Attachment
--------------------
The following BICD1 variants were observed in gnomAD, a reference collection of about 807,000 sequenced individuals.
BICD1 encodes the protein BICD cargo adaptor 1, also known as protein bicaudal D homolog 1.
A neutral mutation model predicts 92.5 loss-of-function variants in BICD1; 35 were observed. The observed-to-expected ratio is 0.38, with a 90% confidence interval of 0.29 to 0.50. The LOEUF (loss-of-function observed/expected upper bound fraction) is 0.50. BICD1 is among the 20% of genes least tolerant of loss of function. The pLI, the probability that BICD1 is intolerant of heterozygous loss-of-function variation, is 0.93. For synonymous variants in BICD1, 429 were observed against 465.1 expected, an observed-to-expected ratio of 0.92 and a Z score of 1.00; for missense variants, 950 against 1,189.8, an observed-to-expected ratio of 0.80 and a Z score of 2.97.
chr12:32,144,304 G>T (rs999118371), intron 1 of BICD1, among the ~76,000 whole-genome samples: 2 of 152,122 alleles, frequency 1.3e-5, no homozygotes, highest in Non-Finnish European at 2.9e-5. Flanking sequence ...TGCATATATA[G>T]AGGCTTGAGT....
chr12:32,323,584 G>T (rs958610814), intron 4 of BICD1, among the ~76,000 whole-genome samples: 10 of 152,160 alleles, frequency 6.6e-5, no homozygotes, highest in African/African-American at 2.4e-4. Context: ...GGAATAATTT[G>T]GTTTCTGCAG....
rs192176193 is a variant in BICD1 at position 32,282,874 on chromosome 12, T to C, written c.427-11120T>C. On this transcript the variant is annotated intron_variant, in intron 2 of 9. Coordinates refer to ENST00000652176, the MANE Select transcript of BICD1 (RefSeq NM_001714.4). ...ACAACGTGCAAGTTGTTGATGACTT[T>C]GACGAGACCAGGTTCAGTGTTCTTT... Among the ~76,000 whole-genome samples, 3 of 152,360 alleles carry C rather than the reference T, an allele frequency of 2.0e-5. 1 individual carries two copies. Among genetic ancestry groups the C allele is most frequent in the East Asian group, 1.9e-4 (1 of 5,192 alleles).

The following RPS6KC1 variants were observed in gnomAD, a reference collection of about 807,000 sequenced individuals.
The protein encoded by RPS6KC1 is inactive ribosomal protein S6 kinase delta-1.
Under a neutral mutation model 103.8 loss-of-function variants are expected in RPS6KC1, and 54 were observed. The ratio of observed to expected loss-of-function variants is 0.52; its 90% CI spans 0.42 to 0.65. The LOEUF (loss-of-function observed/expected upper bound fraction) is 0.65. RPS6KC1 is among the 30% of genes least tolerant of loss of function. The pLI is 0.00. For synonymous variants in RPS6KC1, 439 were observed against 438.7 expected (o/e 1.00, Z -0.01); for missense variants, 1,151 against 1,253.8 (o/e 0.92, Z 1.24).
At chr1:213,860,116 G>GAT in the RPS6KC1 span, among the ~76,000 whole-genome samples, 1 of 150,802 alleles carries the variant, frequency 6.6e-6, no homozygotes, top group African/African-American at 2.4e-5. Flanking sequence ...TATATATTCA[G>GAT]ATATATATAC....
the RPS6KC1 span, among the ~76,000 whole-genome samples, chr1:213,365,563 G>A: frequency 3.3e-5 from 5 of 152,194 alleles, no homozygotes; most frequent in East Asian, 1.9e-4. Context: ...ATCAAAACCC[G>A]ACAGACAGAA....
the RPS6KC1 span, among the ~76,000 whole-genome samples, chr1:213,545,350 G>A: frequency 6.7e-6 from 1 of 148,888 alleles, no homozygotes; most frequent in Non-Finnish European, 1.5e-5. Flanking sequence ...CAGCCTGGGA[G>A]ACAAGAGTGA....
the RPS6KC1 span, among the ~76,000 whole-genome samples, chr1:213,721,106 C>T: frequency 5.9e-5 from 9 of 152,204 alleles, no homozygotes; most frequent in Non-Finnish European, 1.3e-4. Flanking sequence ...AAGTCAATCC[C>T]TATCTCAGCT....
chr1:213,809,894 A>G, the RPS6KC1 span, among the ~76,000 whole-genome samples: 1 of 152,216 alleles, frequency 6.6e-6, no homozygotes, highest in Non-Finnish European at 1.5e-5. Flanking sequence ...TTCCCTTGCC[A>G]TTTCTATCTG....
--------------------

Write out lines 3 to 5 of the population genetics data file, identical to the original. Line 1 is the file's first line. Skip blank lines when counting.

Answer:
A neutral mutation model predicts 92.5 loss-of-function variants in BICD1; 35 were observed. The observed-to-expected ratio is 0.38, with a 90% confidence interval of 0.29 to 0.50. The LOEUF (loss-of-function observed/expected upper bound fraction) is 0.50. BICD1 is among the 20% of genes least tolerant of loss of function. The pLI, the probability that BICD1 is intolerant of heterozygous loss-of-function variation, is 0.93. For synonymous variants in BICD1, 429 were observed against 465.1 expected, an observed-to-expected ratio of 0.92 and a Z score of 1.00; for missense variants, 950 against 1,189.8, an observed-to-expected ratio of 0.80 and a Z score of 2.97.
chr12:32,144,304 G>T (rs999118371), intron 1 of BICD1, among the ~76,000 whole-genome samples: 2 of 152,122 alleles, frequency 1.3e-5, no homozygotes, highest in Non-Finnish European at 2.9e-5. Flanking sequence ...TGCATATATA[G>T]AGGCTTGAGT....
chr12:32,323,584 G>T (rs958610814), intron 4 of BICD1, among the ~76,000 whole-genome samples: 10 of 152,160 alleles, frequency 6.6e-5, no homozygotes, highest in African/African-American at 2.4e-4. Context: ...GGAATAATTT[G>T]GTTTCTGCAG....